The magazine report, based on an investigation carried out last year by the EU's competition office, said that E.ON, RWE, EnBW and Vattenfall has been acting like a cartel for years, suppressing competition in the energy market.
The directors of the four companies, which control about 80 percent of Germany's electricity market, are said to have held secret meetings with each other where they discussed corporate information and made agreements on strategy.
The EU report said Germany's biggest energy provider, E.ON, had tried to "substantially influence" electricity prices.
The gas sector has also been a target of anti-competition probes. In Brussels on Monday, Nov. 5, the EU Commission opened proceedings against RWE, Italy's ENI as well as E.ON and Gaz de France because of unfair competition practices.
An OECD report from 2006, entitled "Sustained Competition is Absent in Energy Markets," found that the liberalization of energy markets in 1998 did not result in sustained reductions in prices. The report said that pre-tax retail prices for gas and electricity in Germany are among the highest in the EU, especially for small business and private customers.
Raids in 2006
The information in the Spiegel article is based on the results of an investigation conducted by the EU's antitrust office, headed by Nellie Kroes. In May, June and December 2006, investigators conducted surprise inspections of Germany's biggest energy players. They confiscated files and computers and made copies of meeting minutes, strategy proposals and internal e-mails.
While the probe is not yet complete, the 60,000 pages of compiled documentation have painted investigators an increasing sharper picture of a group of German energy giants which appear to have contravened competition and anti-trust laws for a period covering 2003 to 2006.
"Instead of competing with each other, the four big suppliers agreed on strategies, prices and supply regions with the consent, or even at the orders of the bosses," the EU report said.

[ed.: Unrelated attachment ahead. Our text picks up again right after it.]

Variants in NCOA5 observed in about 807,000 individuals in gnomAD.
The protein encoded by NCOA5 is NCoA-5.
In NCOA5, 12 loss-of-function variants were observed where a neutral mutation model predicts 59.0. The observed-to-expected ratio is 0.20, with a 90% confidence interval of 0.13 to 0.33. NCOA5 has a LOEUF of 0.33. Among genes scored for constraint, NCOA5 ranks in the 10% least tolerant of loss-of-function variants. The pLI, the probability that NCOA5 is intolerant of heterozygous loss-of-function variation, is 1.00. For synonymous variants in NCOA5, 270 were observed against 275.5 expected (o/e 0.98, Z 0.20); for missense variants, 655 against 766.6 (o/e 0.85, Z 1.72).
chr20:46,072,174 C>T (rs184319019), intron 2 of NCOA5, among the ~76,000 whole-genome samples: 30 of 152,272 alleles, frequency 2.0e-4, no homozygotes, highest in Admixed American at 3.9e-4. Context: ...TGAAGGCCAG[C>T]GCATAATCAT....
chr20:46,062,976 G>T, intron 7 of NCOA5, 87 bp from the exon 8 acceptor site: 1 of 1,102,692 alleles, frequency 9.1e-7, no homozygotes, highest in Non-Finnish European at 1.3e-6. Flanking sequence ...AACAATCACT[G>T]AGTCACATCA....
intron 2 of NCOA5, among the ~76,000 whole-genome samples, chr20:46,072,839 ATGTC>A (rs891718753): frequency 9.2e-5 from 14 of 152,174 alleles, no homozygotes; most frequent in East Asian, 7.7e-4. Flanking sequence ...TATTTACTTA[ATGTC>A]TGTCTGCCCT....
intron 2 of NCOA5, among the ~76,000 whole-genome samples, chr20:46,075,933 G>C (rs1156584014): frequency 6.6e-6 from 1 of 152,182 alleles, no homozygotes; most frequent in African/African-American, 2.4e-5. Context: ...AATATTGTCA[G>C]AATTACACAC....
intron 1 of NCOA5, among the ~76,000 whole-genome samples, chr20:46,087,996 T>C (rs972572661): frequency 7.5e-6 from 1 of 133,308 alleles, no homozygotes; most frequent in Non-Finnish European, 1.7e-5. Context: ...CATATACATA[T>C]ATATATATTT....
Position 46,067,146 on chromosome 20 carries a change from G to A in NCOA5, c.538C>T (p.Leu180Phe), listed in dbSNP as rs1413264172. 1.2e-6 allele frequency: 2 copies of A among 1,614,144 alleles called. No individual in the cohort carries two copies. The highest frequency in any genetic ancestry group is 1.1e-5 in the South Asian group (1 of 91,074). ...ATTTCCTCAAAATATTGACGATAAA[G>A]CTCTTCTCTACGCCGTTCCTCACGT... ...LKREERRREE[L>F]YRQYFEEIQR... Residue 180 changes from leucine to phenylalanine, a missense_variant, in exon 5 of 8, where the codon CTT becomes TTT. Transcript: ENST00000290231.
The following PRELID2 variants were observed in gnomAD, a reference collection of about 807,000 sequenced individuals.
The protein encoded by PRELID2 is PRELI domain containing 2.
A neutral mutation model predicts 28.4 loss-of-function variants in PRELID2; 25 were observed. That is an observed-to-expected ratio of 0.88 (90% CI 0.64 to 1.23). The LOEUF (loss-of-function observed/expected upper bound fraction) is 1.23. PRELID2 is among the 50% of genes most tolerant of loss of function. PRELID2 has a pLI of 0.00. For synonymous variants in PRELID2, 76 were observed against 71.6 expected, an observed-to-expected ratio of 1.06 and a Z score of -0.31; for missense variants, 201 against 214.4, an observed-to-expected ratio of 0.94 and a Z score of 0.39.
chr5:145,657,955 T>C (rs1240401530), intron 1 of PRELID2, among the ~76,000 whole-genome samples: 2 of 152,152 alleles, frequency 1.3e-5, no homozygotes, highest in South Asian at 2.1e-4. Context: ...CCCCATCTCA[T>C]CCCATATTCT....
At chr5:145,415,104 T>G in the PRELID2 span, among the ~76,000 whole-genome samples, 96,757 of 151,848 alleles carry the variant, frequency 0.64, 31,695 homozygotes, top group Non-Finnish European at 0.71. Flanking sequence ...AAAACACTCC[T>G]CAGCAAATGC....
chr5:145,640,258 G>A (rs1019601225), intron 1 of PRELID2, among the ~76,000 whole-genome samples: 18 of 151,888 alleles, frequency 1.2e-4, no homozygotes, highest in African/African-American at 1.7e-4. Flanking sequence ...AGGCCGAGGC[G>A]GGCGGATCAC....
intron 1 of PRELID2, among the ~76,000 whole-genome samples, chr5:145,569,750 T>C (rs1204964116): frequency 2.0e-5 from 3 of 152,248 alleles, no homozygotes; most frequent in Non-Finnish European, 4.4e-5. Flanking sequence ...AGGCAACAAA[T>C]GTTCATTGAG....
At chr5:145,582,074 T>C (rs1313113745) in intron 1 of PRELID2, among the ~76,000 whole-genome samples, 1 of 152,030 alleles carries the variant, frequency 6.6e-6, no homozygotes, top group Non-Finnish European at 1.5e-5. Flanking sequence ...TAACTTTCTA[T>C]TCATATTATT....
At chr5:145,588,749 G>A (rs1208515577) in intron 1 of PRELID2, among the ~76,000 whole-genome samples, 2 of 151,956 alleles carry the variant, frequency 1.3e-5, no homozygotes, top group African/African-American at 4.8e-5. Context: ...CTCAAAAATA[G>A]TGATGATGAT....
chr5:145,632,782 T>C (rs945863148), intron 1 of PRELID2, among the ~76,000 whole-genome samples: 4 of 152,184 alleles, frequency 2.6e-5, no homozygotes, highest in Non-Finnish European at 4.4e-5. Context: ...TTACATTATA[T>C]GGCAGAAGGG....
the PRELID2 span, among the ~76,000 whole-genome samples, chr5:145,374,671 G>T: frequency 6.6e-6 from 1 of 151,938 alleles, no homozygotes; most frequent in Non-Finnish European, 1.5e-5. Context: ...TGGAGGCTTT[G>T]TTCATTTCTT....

The cooperation appeared to have worked so well, the report added, that the invitation list to the secret meetings was expanded to include members of other European energy companies, including firms from Belgium, France and Italy.
For their part, the energy concerns have vehemently denied the accusations.
"E.ON has at no time and in no fashion manipulated electricity prices or held conversations with competitors that could limit competition in the electricity and gas markets," said the company in a statement.
Germany's number two energy supplier, RWE, rejected the report's conclusions, saying that all the documents that had been confiscated by the EU antitrust office had been carefully analyzed by external lawyers.
"In the process, no improper agreements violating antitrust rules could be identified," the company said.
Germany's Environment Minister Sigmar Gabriel has demanded a close review of the accusations. Speaking Monday morning in Berlin, he said it was up to antitrust officials to carry out the review.
He said politicians could only encourage more competition in the energy sector and he called on consumers to carefully check their energy bills and consider switching providers.